Comparative philosophy is lively and the field is diverse and assembles different, sometimes even contradictory views. In his contribution to the edited volume ”Comparative Methods in Law, Humanities and Social Sciences”, Ralph Weber presents these different views and then proceeds to deal with the current conceptualisation of the logic of comparison, with specific attention for diminishing bias and the adequacy of bases of comparison. He helpfully states that one way of investigating the inner dynamics of a given comparison is to ask a set of questions: Who is performing the comparison? What commonality supports the choice of what has to be compared? What is being compared with what? In what respect(s) does the comparer compare that which they compare? What relation results from comparing what the comparer compares in that particular respect? How does the choice of the pre-comparative tertium restrict the realm of possible tertia comparationis? How does a chosen tertium comparationis qualify the comparanda? And what role does the comparanda play in the result of the comparison? Each of these questions reveals an enormous complexity, and the answers may be subject to criticism or require further clarification and substantiation. Moreover, most if not all of these questions are highly relevant for comparative legal research too. Weber also deals with some specific issues, such as generalisation, one-sidedness, and the identification of similarities and differences.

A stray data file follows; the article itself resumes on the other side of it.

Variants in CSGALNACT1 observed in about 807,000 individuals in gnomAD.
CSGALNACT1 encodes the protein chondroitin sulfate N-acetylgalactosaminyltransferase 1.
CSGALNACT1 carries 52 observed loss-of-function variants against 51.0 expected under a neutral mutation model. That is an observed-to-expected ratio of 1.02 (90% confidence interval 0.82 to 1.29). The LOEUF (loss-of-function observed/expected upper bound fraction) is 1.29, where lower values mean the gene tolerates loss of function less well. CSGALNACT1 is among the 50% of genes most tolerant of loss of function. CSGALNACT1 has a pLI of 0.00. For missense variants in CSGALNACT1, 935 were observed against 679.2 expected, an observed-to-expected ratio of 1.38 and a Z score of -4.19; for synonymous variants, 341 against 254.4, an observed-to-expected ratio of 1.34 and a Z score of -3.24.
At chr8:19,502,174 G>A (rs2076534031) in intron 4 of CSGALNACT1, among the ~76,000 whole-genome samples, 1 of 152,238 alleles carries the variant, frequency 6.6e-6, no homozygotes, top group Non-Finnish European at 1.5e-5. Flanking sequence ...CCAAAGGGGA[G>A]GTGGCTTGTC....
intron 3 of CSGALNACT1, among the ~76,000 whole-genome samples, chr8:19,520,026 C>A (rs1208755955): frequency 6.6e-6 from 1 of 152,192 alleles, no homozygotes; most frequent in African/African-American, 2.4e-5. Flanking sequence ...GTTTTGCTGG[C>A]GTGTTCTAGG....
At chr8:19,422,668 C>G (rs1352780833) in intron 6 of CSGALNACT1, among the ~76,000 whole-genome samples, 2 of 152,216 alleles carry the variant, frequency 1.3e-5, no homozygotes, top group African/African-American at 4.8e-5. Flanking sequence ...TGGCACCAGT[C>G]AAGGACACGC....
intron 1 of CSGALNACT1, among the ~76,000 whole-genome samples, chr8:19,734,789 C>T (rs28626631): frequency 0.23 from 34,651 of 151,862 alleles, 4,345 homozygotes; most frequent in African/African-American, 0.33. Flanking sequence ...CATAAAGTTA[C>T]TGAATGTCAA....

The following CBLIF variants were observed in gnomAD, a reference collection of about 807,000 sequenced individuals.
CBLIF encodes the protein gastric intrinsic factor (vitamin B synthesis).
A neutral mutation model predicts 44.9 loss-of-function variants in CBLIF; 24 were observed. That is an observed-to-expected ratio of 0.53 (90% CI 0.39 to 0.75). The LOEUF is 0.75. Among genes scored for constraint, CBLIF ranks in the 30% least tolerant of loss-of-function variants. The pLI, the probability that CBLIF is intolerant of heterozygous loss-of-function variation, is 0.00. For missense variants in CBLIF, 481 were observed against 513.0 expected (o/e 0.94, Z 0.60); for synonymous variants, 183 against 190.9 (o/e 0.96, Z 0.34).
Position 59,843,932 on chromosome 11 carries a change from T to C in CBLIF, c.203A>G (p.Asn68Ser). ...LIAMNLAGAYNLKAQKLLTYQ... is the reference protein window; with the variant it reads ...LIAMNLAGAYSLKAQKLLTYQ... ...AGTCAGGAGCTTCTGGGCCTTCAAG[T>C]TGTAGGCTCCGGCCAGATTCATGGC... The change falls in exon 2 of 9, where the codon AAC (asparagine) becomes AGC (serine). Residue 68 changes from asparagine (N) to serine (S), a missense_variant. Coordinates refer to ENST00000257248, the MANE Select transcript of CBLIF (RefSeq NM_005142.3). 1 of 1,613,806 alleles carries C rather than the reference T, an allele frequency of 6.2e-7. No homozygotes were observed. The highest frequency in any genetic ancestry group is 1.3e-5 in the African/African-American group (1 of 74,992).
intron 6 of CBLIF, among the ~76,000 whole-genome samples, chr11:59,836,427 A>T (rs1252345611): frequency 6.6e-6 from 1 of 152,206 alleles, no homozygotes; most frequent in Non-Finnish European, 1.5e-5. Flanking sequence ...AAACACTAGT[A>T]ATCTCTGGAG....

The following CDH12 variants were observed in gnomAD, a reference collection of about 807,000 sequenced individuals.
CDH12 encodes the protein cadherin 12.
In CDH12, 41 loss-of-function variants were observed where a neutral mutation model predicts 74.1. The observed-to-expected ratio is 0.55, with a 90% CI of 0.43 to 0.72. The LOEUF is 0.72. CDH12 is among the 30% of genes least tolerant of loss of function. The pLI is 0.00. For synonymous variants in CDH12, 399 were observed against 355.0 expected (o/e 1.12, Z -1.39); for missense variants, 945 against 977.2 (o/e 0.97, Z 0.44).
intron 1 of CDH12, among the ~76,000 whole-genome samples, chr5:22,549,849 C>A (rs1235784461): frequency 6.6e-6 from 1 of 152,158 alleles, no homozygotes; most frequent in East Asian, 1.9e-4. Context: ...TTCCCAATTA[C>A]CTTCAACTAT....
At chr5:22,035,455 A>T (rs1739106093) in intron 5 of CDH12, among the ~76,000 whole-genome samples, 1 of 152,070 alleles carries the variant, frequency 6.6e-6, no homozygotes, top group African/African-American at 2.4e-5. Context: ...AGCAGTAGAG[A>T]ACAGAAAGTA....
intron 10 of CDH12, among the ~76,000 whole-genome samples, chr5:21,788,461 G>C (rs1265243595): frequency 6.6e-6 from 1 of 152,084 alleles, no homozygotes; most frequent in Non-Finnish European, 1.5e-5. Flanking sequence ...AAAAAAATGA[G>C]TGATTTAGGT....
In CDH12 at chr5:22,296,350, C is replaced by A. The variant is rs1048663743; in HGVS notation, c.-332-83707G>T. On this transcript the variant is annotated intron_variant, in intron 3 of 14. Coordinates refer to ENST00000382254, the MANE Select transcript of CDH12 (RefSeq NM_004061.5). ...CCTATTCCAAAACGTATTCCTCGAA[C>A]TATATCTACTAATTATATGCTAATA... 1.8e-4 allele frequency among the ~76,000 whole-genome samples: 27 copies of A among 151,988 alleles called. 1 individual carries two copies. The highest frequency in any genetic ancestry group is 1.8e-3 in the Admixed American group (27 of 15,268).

In a recent interview Ralph Weber, Principle Investigator in the Reversing the Gaze project, discussed his vision of a post-comparative philosophy with Nevad Kahteran (University of Sarajevo). The discipline, he says, should allow philosophers to be informed by a global outlook and use a variety of styles and conceptualizations from different traditions.
Weber seeks to address the issues of Eurocentrism and methodological problems in comparative philosophy. His book “Comparative Philosophy without Borders” (co-edited with Arindam Chakrabarti) analyzes previous approaches to comparative philosophy and offers paths towards post-comparative avenues.
In this paper, three of our project team: Shalini Randeria (Fellow), Deval Desai (Principal Investigator) and Christine Lutringer (Researcher) demonstrate a set of unintended political and institutional effects of the emergency mobilisation of unspent social welfare funds under Covid-19.
This article was originally written for Global Challenges: